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The Benefits of Fewer Toys

By: Permanent Substitute Teacher/Extended Day Supervisor José Holliday

October 17, 2017

Toys are an important part of any child’s development as they are just one way children discover the world in which they live. Toys allow children to develop important cognitive, language, and physical skills. Through the use of toys children gain, develop and refine important areas such as imagination, concentration, confidence, independence, and coordination. Children, especially at a young age, learn through their senses and toys can provide them those opportunities. However, too many toys can become overwhelming to a child and actually make it difficult for them to choose what they would like to do or harder for them to stick with one thing for an extended period of time. We as parents may in turn interpret this as boredom and buy more, but really what they may need is fewer choices.

Consider these reasons fewer toys benefit children:  

  • Children learn to be more resourceful. - Children are capable of so much more than we tend to give them credit for and being resourceful with what they do have is no different. Children may appear to be bored, but given time and the chance, they will learn to use any available resources in creating games or strengthening their imagination. I can remember as a kid taking empty paper towel rolls and taping them together in order to make hockey sticks. I would also ball up either paper or tissues and tape them together for a ball. Instant fun and entertainment without a room full of toys. My parents will happily tell you this would keep me busy for hours.
  • Children develop improved social skills and cooperation. - Children learn how to share with other children when there is only one of something. Children in these situations are required to delay their own gratification for the benefit of someone else and learn to move onto something else until the other child is done playing with the toy. Children in these situations are given opportunities to compromise and problem-solve with other children, aiding in the development of important social skills.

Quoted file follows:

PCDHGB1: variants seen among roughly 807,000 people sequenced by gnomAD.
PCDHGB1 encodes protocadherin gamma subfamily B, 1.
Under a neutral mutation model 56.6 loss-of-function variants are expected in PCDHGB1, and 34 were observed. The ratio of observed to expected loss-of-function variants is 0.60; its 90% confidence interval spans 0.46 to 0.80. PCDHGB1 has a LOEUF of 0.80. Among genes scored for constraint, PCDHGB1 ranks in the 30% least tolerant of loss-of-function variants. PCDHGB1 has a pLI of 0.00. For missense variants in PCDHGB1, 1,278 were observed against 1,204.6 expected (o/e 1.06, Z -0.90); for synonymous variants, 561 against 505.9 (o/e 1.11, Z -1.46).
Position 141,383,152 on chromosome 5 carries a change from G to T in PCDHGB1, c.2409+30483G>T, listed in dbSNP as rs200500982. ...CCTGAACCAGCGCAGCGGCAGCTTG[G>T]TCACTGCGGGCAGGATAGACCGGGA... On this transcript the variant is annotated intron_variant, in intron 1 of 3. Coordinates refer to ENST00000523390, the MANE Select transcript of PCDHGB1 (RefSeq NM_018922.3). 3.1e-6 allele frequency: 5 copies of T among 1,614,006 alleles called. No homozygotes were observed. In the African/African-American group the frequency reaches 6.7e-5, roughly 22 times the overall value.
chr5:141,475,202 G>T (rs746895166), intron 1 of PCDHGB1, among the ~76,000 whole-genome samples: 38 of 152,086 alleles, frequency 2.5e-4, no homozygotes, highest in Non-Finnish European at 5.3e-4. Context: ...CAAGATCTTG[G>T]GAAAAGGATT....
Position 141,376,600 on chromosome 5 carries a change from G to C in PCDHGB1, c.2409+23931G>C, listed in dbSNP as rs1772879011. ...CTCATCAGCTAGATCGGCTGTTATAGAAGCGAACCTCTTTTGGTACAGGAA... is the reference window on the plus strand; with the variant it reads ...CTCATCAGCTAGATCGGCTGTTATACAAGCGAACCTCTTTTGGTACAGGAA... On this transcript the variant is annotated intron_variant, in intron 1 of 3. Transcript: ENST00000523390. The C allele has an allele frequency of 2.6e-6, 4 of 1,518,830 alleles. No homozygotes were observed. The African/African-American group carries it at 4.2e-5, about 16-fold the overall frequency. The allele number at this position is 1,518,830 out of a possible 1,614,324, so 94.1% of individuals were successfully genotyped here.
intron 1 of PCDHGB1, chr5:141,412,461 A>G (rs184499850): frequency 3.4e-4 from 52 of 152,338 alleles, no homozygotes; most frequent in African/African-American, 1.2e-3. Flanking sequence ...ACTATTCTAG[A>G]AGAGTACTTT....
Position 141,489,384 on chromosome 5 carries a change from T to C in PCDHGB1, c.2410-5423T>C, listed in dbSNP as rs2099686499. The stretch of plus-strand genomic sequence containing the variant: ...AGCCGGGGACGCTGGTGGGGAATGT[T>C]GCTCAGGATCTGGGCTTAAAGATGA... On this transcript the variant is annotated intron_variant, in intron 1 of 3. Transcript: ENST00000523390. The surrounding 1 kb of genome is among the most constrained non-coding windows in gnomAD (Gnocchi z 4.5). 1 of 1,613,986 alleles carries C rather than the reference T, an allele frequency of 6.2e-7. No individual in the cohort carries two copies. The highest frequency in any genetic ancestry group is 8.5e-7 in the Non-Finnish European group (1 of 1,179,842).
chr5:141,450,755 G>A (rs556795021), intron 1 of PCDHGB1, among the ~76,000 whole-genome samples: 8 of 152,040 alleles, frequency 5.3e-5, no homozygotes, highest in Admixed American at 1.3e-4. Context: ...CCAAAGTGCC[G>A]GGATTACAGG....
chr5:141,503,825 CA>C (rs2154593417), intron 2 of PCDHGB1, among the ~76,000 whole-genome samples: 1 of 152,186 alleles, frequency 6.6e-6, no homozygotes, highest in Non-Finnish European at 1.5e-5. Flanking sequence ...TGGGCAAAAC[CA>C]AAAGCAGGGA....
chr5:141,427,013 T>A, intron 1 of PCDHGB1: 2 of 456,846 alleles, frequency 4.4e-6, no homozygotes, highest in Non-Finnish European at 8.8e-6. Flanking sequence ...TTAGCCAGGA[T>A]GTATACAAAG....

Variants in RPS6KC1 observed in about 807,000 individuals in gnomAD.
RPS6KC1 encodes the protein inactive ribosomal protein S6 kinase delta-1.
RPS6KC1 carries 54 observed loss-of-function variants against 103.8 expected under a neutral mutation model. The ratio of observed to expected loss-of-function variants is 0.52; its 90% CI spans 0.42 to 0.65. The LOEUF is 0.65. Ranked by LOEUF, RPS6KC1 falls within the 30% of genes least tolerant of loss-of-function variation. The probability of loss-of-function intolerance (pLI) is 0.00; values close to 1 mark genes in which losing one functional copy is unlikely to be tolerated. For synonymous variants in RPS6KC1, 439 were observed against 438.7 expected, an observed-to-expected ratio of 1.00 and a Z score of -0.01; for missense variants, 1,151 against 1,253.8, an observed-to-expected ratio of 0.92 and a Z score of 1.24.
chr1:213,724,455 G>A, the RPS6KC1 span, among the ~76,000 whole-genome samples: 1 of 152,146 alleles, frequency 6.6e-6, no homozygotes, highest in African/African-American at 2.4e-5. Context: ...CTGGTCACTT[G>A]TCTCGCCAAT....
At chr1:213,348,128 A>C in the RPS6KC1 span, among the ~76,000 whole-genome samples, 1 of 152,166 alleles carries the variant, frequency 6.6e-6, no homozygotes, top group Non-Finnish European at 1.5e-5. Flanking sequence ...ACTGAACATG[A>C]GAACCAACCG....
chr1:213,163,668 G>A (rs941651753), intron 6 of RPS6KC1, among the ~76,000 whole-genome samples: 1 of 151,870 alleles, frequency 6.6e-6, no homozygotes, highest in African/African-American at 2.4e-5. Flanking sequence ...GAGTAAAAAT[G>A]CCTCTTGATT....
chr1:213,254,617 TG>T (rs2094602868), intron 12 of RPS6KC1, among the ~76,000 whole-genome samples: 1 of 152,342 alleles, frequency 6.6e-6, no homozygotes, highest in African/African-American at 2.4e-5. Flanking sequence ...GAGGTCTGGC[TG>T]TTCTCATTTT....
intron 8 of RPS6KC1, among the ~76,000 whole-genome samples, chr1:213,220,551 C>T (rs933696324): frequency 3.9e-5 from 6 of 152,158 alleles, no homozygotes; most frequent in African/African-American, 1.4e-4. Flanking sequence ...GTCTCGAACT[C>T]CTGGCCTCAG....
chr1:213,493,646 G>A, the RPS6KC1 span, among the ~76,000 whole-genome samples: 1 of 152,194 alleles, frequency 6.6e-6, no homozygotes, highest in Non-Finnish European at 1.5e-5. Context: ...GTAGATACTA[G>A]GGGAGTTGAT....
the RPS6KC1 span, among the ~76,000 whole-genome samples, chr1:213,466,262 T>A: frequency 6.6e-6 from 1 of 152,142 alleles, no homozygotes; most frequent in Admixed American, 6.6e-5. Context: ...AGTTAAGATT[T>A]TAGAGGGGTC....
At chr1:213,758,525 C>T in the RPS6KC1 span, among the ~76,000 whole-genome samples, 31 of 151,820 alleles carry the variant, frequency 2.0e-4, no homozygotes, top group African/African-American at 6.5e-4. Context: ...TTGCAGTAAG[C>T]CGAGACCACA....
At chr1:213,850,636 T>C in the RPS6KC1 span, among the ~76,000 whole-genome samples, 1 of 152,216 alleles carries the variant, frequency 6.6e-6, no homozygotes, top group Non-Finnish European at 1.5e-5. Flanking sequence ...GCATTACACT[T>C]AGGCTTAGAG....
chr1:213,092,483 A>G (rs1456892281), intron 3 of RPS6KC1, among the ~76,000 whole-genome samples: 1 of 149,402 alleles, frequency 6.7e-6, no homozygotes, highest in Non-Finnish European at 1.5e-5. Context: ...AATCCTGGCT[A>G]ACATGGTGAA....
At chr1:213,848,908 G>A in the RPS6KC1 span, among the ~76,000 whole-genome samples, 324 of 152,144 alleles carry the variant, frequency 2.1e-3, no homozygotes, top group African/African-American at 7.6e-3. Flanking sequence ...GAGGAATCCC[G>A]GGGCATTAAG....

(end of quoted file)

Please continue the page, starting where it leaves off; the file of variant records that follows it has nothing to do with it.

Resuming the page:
• Children experience improved concentration. - When there are fewer toys, there are less things to distract children from what they are currently using. Too many toys can create a sense of “I need to try everything” in the child and soon you may notice multiple things out with the child not really focused on any one thing. Fewer toys will actually encourage a child to stick with what they are doing (even if it’s difficult) for longer periods of time, thus improving concentration.
  • Children are less overwhelmed. - Believe it or not, a child may actually be overwhelmed by walking into a room and having too many toys to choose from. Think of going to a restaurant, is it easier to choose a dish when there are several choices or just a few? Now think of what this scenario would be like for a child with toys. Less toys can make it easier to choose and even invite the possibility of trying something new.

Toys are a wonderful part of any child’s development and are a part of ensuring a healthy and happy child, but it is important to consider the ways too many toys can impact your child. Also, think of the benefits of fewer toys to you, as a parent, such as a quicker clean up time and less things laying all around the house. A room with less toys can be more aesthetically pleasing to not only you, but the child as well, as this can be so inviting for them to explore.


Rossman School, nestled on a 20-acre campus in Creve Coeur, is an independent preparatory school for students in Junior Kindergarten (four years old) through Grade 6. The school’s mission is to provide a strong, well-balanced education in a nurturing school community committed to excellence. Dedicated to developing personal, nurturing relationships with each child, Rossman’s experienced educators provide a solid foundation in academics, athletics and arts while emphasizing strong character development and leadership skills.​ Request a free Rossman School brochure here

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